The new Million Programme residential areas were greatly inspired by early suburban neighbourhoods such as Vällingby and Årsta. One of the main aims behind the planning of these residential areas was to create "good democratic citizens". The means of achieving this were to build at high quality with a good range of services including schools, nurseries, churches, public spaces, libraries, and meeting places for different groups of households. A principal aim was to mix and integrate different groups of households through the spatial mixing of tenures. Most of the apartments were of the "standard three room apartment" (two bedroom apartment) type (Swedish: normaltrea) of 75 m² (810 sq ft), planned for a model family of two adults and two children. The second type of apartments were the "student blocks" or "student suburbs" that were planned and built in the cities having large universities, like Stockholm, Lund, Uppsala, Linköping and Umeå. Almost 150,000 new "student apartments" were built in specially designated "student suburbs" in order to meet the needs of the rapidly increasing university student population. These student apartments were usually 1-bedroom 1-bathroom and common kitchen type dorms that were clustered together in a large suburb or neighbourhood. The ownership of the apartments were leased out to "housing companies" like Heimstaden AB who rented it out at below market rates, the rents being subsidized by the government.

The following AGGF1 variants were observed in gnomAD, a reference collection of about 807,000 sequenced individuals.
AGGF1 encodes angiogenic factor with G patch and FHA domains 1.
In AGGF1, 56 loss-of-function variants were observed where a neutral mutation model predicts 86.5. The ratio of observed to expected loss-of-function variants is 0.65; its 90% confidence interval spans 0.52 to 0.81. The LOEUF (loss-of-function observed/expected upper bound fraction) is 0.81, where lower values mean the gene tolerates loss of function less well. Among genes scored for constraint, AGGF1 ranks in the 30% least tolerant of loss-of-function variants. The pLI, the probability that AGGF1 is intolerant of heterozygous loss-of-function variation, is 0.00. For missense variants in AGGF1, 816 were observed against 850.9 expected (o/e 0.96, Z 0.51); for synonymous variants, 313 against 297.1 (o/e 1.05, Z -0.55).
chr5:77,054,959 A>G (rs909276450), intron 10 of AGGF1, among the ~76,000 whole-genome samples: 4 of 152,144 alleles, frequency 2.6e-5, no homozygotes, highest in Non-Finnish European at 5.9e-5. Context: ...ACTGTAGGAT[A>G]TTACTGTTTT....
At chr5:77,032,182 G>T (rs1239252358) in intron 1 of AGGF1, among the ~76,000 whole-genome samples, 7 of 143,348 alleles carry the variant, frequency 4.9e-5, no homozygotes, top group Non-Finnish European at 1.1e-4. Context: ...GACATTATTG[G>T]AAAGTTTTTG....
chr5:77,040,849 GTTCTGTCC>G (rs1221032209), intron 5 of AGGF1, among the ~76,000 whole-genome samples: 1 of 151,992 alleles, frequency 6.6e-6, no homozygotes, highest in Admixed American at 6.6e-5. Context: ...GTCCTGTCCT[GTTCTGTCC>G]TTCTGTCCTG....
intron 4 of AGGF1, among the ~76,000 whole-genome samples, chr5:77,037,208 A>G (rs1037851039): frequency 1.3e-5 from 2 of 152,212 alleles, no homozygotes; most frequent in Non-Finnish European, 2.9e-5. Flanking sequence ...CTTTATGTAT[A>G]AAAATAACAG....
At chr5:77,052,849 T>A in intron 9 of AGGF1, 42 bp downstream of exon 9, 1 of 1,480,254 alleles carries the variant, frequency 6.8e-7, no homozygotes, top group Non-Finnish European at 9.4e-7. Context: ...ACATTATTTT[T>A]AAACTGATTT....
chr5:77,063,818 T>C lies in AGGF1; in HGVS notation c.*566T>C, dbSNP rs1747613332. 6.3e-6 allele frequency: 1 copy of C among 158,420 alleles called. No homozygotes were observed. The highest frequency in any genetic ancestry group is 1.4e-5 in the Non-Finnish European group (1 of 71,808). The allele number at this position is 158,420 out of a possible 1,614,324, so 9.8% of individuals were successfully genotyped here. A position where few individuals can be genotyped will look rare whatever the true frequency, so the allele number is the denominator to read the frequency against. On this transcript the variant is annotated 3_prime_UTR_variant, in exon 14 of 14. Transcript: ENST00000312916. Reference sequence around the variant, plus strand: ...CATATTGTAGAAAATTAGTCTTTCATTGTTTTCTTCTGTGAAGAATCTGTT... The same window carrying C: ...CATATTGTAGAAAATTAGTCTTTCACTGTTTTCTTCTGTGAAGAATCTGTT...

The Million Programme is sometimes equated with the construction of concentrated tower blocks. However, these areas constituted about one third of the programme's apartments. Areas with lower apartment blocks and areas with one-family houses made up about the remaining two thirds of the number of total units.
Million Programme districts include:
- Rinkeby, Tensta and Husby in Stockholm Municipality
- Bredäng, Skärholmen and Vårberg in Stockholm Municipality
- Bagarmossen in Skarpnäck Municipality outside Stockholm
- Fisksätra in Nacka (Stockholm).
- Vårby gård, Masmo, Alby, Fittja and Hallunda in Huddinge Municipality and Botkyrka Municipality outside Stockholm
- Jordbro and Brandbergen in Haninge Municipality outside Stockholm
- Hallonbergen in Sundbyberg Municipality
- Hagalund in Solna Municipality
- Malmvägen in Sollentuna Municipality
- Hovsjö, Ronna, Geneta and Fornhöjden in Södertälje Municipality
- Hjällbo, Hammarkullen and several others in Angered in Gothenburg Municipality
- Bergsjön in Gothenburg Municipality
- Hisings-Backa and Kärra in Gothenburg
- Rosengård, Hermodsdal, Kroksbäck, Bellevuegården, Lorensborg, Lindängen, Höja, Lindeborg and Holma in Malmö
- Komarken in Kungälv
- Kronogården in Trollhättan
- Kronoparken in Karlstad
- Ryd, Johannelund, Ekholmen, Berga, and Skäggetorp in Linköping
- Gottsunda, Flogsta and Eriksberg in Uppsala
- Hertsön in Luleå
- Araby in Växjö
- Ålidhem and Mariehem in Umeå
- Årby in Eskilstuna
- Hässleholmen and Norrby in Borås
- Råslätt in Jönköping
- Ryd, Skövde in Skövde
- Hageby and Navestad in Norrköping
- Ekön in Motala
- Norrliden in Kalmar
- Linero, Norra Fäladen and Klostergården in Lund
- Korsbacka in Kävlinge
- Skogslyckan and Dalaberg in Uddevalla
- Rosta in Örebro
- Andersberg and Sätra in Gävle
- Körfältet in Östersund
- Kungshall in Nybro
- Drottninghög, Fredriksdal and Dalhem in Helsingborg
- Nacksta in Sundsvall
- Plattenbau (Germany)
- Panelház (Hungary)
- Panelák and Sídlisko (Czech Republic and Slovakia)
- Khrushchyovka (Former Soviet Union)
- Housing estate
- Public housing
- Subsidized housing
- Subsidized housing in the United States
- Section 8 (USA)
- Affordable housing
- Social welfare
- Welfare state
- Tower block